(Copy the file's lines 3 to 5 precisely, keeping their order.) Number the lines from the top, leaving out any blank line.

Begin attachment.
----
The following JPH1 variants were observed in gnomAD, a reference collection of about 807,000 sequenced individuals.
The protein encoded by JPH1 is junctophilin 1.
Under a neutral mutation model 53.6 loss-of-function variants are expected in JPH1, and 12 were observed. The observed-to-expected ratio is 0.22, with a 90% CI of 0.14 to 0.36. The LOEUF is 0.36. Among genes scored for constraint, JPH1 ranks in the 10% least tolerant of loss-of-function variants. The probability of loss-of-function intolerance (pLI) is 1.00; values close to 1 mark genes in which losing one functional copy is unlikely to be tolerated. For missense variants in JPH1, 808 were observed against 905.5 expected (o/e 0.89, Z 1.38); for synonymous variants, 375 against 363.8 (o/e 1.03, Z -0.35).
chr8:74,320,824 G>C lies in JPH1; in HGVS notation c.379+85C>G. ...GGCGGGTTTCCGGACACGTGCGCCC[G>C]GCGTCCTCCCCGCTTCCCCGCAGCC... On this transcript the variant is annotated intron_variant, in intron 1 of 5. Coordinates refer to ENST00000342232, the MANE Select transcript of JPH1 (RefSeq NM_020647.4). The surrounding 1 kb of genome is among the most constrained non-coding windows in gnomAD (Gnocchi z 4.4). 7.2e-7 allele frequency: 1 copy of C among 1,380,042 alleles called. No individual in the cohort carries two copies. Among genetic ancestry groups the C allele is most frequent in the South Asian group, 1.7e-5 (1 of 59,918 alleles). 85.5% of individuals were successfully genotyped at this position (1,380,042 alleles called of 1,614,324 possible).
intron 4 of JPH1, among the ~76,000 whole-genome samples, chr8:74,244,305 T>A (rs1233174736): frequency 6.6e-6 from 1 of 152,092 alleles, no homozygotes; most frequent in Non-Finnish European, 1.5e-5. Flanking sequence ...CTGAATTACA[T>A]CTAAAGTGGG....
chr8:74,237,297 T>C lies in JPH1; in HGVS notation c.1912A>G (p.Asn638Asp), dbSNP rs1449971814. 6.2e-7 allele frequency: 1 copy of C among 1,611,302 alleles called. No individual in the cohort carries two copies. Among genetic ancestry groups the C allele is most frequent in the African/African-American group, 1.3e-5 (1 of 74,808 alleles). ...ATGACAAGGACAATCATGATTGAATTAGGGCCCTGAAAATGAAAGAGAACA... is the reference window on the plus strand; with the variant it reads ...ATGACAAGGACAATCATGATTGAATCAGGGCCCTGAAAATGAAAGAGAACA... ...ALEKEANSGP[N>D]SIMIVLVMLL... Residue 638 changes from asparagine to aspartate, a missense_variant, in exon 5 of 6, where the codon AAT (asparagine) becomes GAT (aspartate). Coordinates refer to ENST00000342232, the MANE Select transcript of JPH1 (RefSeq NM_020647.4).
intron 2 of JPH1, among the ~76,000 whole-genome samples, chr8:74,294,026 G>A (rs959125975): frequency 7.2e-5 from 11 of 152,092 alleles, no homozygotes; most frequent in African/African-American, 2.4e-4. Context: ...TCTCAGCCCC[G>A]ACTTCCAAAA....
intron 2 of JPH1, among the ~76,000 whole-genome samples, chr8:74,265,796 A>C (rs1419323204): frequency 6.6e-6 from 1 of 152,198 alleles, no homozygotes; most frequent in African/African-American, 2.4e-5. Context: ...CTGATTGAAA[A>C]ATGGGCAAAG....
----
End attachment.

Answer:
Under a neutral mutation model 53.6 loss-of-function variants are expected in JPH1, and 12 were observed. The observed-to-expected ratio is 0.22, with a 90% CI of 0.14 to 0.36. The LOEUF is 0.36. Among genes scored for constraint, JPH1 ranks in the 10% least tolerant of loss-of-function variants. The probability of loss-of-function intolerance (pLI) is 1.00; values close to 1 mark genes in which losing one functional copy is unlikely to be tolerated. For missense variants in JPH1, 808 were observed against 905.5 expected (o/e 0.89, Z 1.38); for synonymous variants, 375 against 363.8 (o/e 1.03, Z -0.35).
chr8:74,320,824 G>C lies in JPH1; in HGVS notation c.379+85C>G. ...GGCGGGTTTCCGGACACGTGCGCCC[G>C]GCGTCCTCCCCGCTTCCCCGCAGCC... On this transcript the variant is annotated intron_variant, in intron 1 of 5. Coordinates refer to ENST00000342232, the MANE Select transcript of JPH1 (RefSeq NM_020647.4). The surrounding 1 kb of genome is among the most constrained non-coding windows in gnomAD (Gnocchi z 4.4). 7.2e-7 allele frequency: 1 copy of C among 1,380,042 alleles called. No individual in the cohort carries two copies. Among genetic ancestry groups the C allele is most frequent in the South Asian group, 1.7e-5 (1 of 59,918 alleles). 85.5% of individuals were successfully genotyped at this position (1,380,042 alleles called of 1,614,324 possible).
intron 4 of JPH1, among the ~76,000 whole-genome samples, chr8:74,244,305 T>A (rs1233174736): frequency 6.6e-6 from 1 of 152,092 alleles, no homozygotes; most frequent in Non-Finnish European, 1.5e-5. Flanking sequence ...CTGAATTACA[T>A]CTAAAGTGGG....